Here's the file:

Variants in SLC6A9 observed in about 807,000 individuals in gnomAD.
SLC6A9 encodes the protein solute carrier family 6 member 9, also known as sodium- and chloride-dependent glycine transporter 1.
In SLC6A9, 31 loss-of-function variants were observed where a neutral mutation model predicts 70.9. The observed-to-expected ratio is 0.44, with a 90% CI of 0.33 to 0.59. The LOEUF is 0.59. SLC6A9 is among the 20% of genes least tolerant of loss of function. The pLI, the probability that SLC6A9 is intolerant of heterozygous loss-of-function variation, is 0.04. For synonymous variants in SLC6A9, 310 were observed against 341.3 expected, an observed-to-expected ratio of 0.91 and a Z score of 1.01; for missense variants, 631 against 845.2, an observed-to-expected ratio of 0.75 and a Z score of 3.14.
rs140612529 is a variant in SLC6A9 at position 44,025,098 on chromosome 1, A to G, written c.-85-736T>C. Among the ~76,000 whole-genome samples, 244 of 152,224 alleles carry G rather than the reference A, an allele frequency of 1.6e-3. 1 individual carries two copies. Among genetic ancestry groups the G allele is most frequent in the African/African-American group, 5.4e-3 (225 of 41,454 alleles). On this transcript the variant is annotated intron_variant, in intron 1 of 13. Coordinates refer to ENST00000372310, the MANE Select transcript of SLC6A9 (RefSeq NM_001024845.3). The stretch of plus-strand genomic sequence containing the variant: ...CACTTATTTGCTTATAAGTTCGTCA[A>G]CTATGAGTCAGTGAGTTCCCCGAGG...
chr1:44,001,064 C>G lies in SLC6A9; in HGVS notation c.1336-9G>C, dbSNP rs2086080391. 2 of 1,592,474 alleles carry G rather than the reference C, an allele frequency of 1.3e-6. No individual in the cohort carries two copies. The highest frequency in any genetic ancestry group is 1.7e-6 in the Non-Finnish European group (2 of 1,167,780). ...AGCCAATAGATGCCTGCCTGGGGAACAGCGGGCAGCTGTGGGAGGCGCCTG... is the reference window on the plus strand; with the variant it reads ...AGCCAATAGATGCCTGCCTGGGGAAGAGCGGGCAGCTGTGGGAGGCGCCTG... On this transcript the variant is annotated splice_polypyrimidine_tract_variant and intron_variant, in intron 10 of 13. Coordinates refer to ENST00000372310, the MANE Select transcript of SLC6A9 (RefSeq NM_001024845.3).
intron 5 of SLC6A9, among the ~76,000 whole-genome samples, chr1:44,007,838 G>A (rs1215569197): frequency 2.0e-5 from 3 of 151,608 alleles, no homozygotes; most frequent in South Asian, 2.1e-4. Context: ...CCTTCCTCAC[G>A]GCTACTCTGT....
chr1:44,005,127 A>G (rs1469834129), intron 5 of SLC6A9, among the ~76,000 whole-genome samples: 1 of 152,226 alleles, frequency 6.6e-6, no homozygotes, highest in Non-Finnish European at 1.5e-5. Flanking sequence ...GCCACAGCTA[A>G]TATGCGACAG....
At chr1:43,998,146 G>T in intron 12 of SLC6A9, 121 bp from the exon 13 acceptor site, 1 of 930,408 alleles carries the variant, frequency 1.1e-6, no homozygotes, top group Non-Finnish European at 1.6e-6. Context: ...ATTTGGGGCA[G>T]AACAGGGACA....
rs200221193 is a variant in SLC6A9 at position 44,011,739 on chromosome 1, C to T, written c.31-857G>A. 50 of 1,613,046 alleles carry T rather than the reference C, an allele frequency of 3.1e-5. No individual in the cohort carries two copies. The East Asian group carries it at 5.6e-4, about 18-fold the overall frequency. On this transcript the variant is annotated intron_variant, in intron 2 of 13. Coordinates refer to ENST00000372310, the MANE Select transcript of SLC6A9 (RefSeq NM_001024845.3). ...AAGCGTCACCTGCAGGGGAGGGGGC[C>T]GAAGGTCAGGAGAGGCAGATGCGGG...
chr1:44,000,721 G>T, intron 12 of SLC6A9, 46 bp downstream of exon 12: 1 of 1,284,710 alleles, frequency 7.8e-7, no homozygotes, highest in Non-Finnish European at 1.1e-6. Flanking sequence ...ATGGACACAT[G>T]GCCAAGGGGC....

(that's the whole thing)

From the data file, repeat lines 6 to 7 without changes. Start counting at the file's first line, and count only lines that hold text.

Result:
intron 5 of SLC6A9, among the ~76,000 whole-genome samples, chr1:44,007,838 G>A (rs1215569197): frequency 2.0e-5 from 3 of 151,608 alleles, no homozygotes; most frequent in South Asian, 2.1e-4. Context: ...CCTTCCTCAC[G>A]GCTACTCTGT....
chr1:44,005,127 A>G (rs1469834129), intron 5 of SLC6A9, among the ~76,000 whole-genome samples: 1 of 152,226 alleles, frequency 6.6e-6, no homozygotes, highest in Non-Finnish European at 1.5e-5. Flanking sequence ...GCCACAGCTA[A>G]TATGCGACAG....